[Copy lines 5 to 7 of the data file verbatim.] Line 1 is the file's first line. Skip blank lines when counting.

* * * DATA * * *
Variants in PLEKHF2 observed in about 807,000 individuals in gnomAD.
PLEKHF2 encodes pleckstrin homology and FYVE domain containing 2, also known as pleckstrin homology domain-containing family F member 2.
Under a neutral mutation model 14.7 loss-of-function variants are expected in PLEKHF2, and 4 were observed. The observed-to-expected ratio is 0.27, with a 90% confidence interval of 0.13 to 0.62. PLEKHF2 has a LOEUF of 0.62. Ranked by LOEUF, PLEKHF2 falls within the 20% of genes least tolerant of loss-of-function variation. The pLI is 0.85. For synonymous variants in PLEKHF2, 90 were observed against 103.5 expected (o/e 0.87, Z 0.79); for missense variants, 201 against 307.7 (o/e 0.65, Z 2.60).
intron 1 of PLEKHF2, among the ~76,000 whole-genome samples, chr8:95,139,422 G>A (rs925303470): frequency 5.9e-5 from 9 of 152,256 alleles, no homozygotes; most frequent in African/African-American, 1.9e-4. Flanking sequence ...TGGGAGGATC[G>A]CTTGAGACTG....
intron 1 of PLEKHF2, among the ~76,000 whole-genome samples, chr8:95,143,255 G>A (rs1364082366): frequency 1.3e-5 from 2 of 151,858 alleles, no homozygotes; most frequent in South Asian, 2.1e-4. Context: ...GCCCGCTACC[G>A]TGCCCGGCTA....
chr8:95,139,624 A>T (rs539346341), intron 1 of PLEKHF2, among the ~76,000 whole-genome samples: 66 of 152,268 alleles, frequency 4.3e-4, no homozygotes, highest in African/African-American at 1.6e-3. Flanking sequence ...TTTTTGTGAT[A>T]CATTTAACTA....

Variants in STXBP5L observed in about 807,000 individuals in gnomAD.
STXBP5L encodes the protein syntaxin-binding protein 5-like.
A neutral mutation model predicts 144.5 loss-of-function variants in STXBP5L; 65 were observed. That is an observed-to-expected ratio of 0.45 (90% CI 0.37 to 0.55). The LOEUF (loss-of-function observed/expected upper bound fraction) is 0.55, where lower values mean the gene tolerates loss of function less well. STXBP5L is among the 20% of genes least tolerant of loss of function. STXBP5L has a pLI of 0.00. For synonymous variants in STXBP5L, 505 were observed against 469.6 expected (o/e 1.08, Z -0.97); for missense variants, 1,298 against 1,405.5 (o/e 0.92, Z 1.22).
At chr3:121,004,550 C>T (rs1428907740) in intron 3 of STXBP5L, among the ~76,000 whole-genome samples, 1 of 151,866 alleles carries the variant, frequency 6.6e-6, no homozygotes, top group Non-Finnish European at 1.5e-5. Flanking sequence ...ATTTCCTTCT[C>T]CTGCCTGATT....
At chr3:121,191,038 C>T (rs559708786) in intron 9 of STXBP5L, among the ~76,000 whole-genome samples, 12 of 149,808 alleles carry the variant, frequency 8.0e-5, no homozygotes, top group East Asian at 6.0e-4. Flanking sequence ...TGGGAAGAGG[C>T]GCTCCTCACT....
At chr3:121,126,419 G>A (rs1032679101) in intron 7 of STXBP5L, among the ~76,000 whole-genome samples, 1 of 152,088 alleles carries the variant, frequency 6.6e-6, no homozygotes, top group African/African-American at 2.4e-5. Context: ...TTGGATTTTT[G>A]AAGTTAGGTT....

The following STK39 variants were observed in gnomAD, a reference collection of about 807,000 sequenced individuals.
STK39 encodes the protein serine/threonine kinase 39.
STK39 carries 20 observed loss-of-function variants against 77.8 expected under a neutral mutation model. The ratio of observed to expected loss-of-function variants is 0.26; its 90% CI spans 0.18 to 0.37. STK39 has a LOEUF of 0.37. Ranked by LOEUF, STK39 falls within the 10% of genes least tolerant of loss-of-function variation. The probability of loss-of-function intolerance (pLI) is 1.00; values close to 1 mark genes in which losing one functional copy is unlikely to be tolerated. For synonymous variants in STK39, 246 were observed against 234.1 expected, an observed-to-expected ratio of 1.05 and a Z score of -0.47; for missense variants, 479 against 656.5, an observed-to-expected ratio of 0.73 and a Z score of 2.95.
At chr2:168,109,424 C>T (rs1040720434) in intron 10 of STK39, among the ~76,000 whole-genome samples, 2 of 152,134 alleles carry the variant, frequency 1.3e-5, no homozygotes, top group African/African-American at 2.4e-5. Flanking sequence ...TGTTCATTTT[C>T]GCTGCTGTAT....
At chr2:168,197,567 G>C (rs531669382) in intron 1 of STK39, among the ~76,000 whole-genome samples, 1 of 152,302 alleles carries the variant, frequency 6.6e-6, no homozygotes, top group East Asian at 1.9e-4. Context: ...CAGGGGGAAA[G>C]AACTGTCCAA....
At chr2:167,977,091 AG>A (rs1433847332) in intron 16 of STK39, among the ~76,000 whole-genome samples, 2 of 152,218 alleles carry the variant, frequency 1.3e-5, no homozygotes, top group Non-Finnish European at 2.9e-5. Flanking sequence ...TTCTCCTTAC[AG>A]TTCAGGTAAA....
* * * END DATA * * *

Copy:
intron 1 of PLEKHF2, among the ~76,000 whole-genome samples, chr8:95,143,255 G>A (rs1364082366): frequency 1.3e-5 from 2 of 151,858 alleles, no homozygotes; most frequent in South Asian, 2.1e-4. Context: ...GCCCGCTACC[G>A]TGCCCGGCTA....
chr8:95,139,624 A>T (rs539346341), intron 1 of PLEKHF2, among the ~76,000 whole-genome samples: 66 of 152,268 alleles, frequency 4.3e-4, no homozygotes, highest in African/African-American at 1.6e-3. Flanking sequence ...TTTTTGTGAT[A>T]CATTTAACTA....

Variants in STXBP5L observed in about 807,000 individuals in gnomAD.